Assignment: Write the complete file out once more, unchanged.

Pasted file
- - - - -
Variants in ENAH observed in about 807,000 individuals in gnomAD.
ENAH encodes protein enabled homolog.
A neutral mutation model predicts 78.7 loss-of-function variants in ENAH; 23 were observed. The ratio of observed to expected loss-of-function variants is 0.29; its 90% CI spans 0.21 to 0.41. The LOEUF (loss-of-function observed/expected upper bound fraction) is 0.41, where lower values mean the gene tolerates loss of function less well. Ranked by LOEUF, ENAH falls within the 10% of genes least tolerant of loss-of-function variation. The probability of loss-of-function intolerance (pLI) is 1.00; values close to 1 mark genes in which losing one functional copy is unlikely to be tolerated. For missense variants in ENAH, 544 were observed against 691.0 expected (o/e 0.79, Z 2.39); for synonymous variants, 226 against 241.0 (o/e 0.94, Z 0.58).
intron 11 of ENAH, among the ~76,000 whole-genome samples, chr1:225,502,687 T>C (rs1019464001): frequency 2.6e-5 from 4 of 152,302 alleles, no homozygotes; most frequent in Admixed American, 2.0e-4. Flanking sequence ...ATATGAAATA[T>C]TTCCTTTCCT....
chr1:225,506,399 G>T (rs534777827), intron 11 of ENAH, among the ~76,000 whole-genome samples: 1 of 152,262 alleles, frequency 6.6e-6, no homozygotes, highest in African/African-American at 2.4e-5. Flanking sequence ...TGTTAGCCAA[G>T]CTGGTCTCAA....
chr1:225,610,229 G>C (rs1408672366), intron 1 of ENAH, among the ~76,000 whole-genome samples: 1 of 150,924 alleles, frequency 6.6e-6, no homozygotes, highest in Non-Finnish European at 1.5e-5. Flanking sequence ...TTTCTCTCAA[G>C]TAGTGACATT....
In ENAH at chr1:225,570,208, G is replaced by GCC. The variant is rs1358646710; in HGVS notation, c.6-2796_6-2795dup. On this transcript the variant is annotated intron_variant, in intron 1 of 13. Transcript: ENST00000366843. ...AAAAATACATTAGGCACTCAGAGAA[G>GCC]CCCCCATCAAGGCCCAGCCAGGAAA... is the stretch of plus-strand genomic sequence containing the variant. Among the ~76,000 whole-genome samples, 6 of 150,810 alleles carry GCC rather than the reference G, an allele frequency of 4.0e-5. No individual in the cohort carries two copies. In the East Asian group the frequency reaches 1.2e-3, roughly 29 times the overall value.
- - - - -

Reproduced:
Variants in ENAH observed in about 807,000 individuals in gnomAD.
ENAH encodes protein enabled homolog.
A neutral mutation model predicts 78.7 loss-of-function variants in ENAH; 23 were observed. The ratio of observed to expected loss-of-function variants is 0.29; its 90% CI spans 0.21 to 0.41. The LOEUF (loss-of-function observed/expected upper bound fraction) is 0.41, where lower values mean the gene tolerates loss of function less well. Ranked by LOEUF, ENAH falls within the 10% of genes least tolerant of loss-of-function variation. The probability of loss-of-function intolerance (pLI) is 1.00; values close to 1 mark genes in which losing one functional copy is unlikely to be tolerated. For missense variants in ENAH, 544 were observed against 691.0 expected (o/e 0.79, Z 2.39); for synonymous variants, 226 against 241.0 (o/e 0.94, Z 0.58).
intron 11 of ENAH, among the ~76,000 whole-genome samples, chr1:225,502,687 T>C (rs1019464001): frequency 2.6e-5 from 4 of 152,302 alleles, no homozygotes; most frequent in Admixed American, 2.0e-4. Flanking sequence ...ATATGAAATA[T>C]TTCCTTTCCT....
chr1:225,506,399 G>T (rs534777827), intron 11 of ENAH, among the ~76,000 whole-genome samples: 1 of 152,262 alleles, frequency 6.6e-6, no homozygotes, highest in African/African-American at 2.4e-5. Flanking sequence ...TGTTAGCCAA[G>T]CTGGTCTCAA....
chr1:225,610,229 G>C (rs1408672366), intron 1 of ENAH, among the ~76,000 whole-genome samples: 1 of 150,924 alleles, frequency 6.6e-6, no homozygotes, highest in Non-Finnish European at 1.5e-5. Flanking sequence ...TTTCTCTCAA[G>C]TAGTGACATT....
In ENAH at chr1:225,570,208, G is replaced by GCC. The variant is rs1358646710; in HGVS notation, c.6-2796_6-2795dup. On this transcript the variant is annotated intron_variant, in intron 1 of 13. Transcript: ENST00000366843. ...AAAAATACATTAGGCACTCAGAGAA[G>GCC]CCCCCATCAAGGCCCAGCCAGGAAA... is the stretch of plus-strand genomic sequence containing the variant. Among the ~76,000 whole-genome samples, 6 of 150,810 alleles carry GCC rather than the reference G, an allele frequency of 4.0e-5. No individual in the cohort carries two copies. In the East Asian group the frequency reaches 1.2e-3, roughly 29 times the overall value.